Contrary to popular belief, our arts industry — ranging from exhibitions in museums to events like the Singapore Night Festival — is thriving (“Homecoming for 10 local acts at S’pore Night Festival 2017”; July 13).
The Government and the National Arts Council have invested effort and thought into cultivating the arts, as well as interest in them, which is the first step towards a vibrant arts scene.
The scorn for artistic pursuits as flights of fancy has been dampened over the years with the recognition for local artistes, most recently Ilo Ilo director Anthony Chen, in international arts circuits.
One festival planned for next month is the Silver Arts festival, with the theme of “passion and fun through intergenerational interaction” (“Silver Arts festival returns with more senior talents this year”; Aug 1, online).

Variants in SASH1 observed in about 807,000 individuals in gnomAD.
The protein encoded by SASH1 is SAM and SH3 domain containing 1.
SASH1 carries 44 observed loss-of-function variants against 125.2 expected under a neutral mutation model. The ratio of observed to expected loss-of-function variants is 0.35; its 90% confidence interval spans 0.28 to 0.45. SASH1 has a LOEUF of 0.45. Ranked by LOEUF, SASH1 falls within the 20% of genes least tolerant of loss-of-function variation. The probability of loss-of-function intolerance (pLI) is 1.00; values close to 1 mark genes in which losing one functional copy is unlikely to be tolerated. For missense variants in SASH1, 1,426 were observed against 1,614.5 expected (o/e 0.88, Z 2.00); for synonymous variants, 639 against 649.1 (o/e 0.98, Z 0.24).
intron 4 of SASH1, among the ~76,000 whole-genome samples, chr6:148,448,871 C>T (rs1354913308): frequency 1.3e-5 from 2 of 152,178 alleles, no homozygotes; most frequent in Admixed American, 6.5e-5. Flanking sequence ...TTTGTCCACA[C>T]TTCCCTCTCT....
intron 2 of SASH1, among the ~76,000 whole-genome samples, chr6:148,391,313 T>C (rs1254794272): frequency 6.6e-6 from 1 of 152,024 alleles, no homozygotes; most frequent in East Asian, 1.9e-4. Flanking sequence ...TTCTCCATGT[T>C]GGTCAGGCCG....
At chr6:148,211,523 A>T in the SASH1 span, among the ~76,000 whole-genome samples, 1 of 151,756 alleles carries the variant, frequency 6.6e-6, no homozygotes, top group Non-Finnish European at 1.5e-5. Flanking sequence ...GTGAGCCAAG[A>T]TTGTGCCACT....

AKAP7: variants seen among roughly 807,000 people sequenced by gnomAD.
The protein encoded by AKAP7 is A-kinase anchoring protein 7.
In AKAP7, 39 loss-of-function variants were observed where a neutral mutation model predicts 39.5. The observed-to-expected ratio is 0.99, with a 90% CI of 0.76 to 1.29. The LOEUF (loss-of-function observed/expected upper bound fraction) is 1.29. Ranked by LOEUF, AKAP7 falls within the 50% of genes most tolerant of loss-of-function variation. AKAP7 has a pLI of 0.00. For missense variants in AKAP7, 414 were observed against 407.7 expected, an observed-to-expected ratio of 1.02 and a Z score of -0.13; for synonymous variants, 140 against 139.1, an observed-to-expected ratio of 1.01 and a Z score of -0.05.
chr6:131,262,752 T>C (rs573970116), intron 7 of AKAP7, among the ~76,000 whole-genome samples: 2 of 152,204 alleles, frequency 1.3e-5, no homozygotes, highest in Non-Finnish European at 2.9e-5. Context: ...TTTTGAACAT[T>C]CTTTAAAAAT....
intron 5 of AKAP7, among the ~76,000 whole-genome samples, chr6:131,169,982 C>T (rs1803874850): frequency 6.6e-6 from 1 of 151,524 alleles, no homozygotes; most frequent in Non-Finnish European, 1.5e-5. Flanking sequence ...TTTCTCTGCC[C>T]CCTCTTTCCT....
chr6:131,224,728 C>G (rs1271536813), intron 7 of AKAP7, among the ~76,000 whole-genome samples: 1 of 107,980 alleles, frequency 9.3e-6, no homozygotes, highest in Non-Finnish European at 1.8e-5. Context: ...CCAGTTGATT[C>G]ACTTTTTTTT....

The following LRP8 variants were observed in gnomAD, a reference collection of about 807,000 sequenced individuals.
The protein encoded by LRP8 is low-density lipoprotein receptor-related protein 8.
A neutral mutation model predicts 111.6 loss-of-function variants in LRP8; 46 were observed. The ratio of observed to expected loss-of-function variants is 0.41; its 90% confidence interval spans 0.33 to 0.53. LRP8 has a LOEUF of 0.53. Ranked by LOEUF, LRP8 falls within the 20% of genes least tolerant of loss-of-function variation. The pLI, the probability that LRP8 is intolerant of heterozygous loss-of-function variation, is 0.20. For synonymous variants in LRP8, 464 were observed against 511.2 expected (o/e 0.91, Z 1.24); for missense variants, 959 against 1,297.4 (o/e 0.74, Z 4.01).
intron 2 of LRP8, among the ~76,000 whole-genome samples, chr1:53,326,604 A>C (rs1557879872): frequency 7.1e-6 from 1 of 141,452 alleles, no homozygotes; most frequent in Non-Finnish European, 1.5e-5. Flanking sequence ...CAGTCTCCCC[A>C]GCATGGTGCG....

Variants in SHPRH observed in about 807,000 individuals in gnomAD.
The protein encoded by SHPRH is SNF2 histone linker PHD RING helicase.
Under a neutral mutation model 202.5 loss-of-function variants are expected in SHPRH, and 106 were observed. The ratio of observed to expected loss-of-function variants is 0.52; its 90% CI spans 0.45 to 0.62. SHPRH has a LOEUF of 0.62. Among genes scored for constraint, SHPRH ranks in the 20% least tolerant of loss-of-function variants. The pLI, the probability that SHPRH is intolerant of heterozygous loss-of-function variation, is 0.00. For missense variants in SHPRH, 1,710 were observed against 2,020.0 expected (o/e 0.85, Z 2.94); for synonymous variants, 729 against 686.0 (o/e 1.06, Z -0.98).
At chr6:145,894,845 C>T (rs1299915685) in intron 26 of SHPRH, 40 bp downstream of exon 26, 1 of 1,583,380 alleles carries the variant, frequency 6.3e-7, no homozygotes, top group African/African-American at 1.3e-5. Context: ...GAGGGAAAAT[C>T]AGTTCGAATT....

The festival targets both the elderly and the young, utilising the arts as a platform — be it through working together on a film or a theatre production — to reconcile and bridge the gap between Singaporeans of different ages and backgrounds.
In a rapidly-developing society, there may be little common ground between millennials and seniors. Forging closer intergenerational ties may be a Sisyphean task. That said, this is essential for the continued prosperity of a country with an ageing population.
Prime Minister Lee Hsien Loong mentioned in 2014: “Singaporeans young and old must take care of one another and not allow the generation gap to cause friction.”
If the Silver Arts festival is a bid to strengthen cohesion and community-mindedness, on the basis that humans have an inherent appreciation of the arts, then it is another step in the right direction.